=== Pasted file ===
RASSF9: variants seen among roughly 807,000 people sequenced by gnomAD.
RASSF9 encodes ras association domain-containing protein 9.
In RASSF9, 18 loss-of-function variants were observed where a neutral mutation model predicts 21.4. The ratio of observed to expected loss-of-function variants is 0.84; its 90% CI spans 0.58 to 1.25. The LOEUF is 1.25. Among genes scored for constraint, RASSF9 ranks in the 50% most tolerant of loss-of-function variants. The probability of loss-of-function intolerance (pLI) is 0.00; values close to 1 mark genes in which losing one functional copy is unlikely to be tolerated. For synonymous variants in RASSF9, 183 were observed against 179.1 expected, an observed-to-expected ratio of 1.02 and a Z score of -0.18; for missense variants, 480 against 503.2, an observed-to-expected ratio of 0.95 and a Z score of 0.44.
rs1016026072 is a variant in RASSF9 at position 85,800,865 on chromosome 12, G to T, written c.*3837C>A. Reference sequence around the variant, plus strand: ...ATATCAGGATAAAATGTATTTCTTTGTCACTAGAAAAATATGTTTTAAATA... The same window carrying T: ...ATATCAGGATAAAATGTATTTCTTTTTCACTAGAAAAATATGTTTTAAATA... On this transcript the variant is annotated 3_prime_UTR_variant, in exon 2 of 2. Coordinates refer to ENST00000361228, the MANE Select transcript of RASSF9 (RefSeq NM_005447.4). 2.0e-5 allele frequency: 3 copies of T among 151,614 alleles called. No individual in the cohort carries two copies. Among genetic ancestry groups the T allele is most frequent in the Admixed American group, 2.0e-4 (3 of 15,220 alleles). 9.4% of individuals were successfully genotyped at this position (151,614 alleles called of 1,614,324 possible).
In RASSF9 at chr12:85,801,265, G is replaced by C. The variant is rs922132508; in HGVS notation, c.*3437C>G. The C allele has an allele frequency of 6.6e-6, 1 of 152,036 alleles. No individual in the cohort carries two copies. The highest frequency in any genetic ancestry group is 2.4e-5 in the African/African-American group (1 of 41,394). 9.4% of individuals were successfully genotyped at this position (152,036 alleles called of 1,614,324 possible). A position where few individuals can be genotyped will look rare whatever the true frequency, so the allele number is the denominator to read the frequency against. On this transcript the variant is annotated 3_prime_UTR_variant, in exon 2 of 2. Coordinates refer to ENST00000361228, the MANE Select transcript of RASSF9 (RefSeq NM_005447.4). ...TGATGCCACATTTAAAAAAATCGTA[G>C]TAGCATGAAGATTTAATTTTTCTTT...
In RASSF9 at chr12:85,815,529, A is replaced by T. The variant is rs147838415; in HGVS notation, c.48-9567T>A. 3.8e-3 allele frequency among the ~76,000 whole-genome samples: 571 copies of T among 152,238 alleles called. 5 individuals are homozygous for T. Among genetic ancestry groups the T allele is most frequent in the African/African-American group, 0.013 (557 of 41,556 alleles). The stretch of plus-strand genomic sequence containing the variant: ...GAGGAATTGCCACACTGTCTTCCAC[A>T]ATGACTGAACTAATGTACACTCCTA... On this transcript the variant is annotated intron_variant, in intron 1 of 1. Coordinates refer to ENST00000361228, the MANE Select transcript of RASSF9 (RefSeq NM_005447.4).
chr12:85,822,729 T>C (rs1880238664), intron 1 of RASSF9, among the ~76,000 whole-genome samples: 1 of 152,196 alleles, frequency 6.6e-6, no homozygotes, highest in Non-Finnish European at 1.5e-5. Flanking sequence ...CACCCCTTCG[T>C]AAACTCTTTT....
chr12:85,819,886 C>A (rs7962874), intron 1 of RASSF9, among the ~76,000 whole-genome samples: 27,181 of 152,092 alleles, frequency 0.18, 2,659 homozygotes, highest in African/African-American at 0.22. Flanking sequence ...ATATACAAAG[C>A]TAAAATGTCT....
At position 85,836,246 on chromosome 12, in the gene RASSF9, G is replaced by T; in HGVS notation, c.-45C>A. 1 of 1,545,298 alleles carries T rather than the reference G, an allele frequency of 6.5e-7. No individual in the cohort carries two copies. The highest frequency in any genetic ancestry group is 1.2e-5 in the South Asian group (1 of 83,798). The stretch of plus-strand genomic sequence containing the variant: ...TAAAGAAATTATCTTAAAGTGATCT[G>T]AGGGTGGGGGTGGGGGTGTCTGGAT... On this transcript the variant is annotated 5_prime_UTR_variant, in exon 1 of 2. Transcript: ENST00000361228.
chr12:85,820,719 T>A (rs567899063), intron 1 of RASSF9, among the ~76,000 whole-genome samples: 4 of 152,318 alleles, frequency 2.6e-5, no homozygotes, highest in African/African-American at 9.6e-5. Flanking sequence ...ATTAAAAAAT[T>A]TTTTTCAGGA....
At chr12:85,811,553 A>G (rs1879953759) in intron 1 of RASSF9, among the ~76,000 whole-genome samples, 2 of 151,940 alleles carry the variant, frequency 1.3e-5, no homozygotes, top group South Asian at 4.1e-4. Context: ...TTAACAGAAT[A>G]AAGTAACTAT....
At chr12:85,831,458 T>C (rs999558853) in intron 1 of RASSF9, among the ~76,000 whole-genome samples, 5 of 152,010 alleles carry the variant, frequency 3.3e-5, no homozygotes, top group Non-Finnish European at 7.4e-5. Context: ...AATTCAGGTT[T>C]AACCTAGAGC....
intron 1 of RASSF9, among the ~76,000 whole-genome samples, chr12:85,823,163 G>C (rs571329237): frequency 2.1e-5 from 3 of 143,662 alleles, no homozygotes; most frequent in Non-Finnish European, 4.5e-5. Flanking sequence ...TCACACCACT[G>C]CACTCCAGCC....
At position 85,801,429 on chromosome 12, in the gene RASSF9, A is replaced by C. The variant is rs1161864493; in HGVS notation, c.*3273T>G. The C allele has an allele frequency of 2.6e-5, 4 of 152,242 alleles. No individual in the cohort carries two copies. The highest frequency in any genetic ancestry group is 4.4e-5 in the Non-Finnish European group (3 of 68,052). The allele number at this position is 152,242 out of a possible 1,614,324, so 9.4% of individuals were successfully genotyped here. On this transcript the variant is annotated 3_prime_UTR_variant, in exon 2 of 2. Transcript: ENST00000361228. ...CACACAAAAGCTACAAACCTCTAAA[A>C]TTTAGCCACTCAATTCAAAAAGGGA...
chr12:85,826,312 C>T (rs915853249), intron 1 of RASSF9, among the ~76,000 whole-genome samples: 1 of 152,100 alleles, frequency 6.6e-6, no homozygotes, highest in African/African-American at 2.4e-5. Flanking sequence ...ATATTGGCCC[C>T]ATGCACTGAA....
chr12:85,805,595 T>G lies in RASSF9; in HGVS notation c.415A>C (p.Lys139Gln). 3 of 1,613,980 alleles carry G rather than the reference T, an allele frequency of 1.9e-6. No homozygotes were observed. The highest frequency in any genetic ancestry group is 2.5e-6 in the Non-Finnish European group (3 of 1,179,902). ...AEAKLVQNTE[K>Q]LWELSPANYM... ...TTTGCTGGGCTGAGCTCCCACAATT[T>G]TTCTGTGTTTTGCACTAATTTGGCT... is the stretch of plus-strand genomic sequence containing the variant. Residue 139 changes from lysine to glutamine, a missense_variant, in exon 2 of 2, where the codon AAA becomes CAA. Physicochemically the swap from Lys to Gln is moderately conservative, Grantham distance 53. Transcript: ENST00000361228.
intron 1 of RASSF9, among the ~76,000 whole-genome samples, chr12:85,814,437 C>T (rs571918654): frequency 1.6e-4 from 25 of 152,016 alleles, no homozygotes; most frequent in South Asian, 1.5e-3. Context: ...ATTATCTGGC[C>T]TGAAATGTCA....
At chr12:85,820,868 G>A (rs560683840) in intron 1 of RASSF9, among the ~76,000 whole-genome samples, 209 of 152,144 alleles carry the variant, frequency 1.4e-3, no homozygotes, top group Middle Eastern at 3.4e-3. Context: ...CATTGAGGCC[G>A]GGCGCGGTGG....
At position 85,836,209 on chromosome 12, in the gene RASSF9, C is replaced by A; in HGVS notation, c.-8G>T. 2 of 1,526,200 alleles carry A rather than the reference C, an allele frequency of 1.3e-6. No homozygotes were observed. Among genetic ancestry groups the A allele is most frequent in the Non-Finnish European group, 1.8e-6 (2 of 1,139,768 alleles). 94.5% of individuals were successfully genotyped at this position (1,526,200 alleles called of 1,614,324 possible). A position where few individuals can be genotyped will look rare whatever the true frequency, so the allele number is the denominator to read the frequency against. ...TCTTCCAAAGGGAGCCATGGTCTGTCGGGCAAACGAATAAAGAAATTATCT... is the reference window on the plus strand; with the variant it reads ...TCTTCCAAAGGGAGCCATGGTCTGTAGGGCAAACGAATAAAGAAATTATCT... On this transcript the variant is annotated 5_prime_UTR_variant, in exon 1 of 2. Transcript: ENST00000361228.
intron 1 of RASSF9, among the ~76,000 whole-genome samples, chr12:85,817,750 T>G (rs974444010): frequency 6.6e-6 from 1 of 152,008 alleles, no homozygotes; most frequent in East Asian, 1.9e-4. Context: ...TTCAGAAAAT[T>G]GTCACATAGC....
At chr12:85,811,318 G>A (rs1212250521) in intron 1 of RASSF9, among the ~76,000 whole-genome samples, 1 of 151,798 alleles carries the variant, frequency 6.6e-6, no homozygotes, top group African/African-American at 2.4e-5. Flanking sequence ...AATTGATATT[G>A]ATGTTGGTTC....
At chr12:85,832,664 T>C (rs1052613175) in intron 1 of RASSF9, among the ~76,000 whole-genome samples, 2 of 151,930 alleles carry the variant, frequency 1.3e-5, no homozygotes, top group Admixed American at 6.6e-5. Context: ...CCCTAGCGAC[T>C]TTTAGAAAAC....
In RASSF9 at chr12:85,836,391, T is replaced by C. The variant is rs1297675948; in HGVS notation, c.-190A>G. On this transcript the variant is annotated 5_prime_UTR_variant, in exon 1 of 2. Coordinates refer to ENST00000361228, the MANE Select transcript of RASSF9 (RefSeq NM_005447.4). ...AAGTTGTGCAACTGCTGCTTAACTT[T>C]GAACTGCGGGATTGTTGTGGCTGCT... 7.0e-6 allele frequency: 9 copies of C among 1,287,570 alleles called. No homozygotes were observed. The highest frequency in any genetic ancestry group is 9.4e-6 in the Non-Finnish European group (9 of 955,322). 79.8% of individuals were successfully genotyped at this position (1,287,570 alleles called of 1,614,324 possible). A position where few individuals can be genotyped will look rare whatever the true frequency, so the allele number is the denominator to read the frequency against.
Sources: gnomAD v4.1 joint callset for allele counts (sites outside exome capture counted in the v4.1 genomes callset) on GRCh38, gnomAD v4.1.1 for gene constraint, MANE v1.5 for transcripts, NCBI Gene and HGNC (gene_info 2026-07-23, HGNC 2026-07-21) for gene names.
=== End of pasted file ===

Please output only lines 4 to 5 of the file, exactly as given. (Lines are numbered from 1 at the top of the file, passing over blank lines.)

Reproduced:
rs1016026072 is a variant in RASSF9 at position 85,800,865 on chromosome 12, G to T, written c.*3837C>A. Reference sequence around the variant, plus strand: ...ATATCAGGATAAAATGTATTTCTTTGTCACTAGAAAAATATGTTTTAAATA... The same window carrying T: ...ATATCAGGATAAAATGTATTTCTTTTTCACTAGAAAAATATGTTTTAAATA... On this transcript the variant is annotated 3_prime_UTR_variant, in exon 2 of 2. Coordinates refer to ENST00000361228, the MANE Select transcript of RASSF9 (RefSeq NM_005447.4). 2.0e-5 allele frequency: 3 copies of T among 151,614 alleles called. No individual in the cohort carries two copies. Among genetic ancestry groups the T allele is most frequent in the Admixed American group, 2.0e-4 (3 of 15,220 alleles). 9.4% of individuals were successfully genotyped at this position (151,614 alleles called of 1,614,324 possible).
In RASSF9 at chr12:85,801,265, G is replaced by C. The variant is rs922132508; in HGVS notation, c.*3437C>G. The C allele has an allele frequency of 6.6e-6, 1 of 152,036 alleles. No individual in the cohort carries two copies. The highest frequency in any genetic ancestry group is 2.4e-5 in the African/African-American group (1 of 41,394). 9.4% of individuals were successfully genotyped at this position (152,036 alleles called of 1,614,324 possible). A position where few individuals can be genotyped will look rare whatever the true frequency, so the allele number is the denominator to read the frequency against. On this transcript the variant is annotated 3_prime_UTR_variant, in exon 2 of 2. Coordinates refer to ENST00000361228, the MANE Select transcript of RASSF9 (RefSeq NM_005447.4). ...TGATGCCACATTTAAAAAAATCGTA[G>C]TAGCATGAAGATTTAATTTTTCTTT...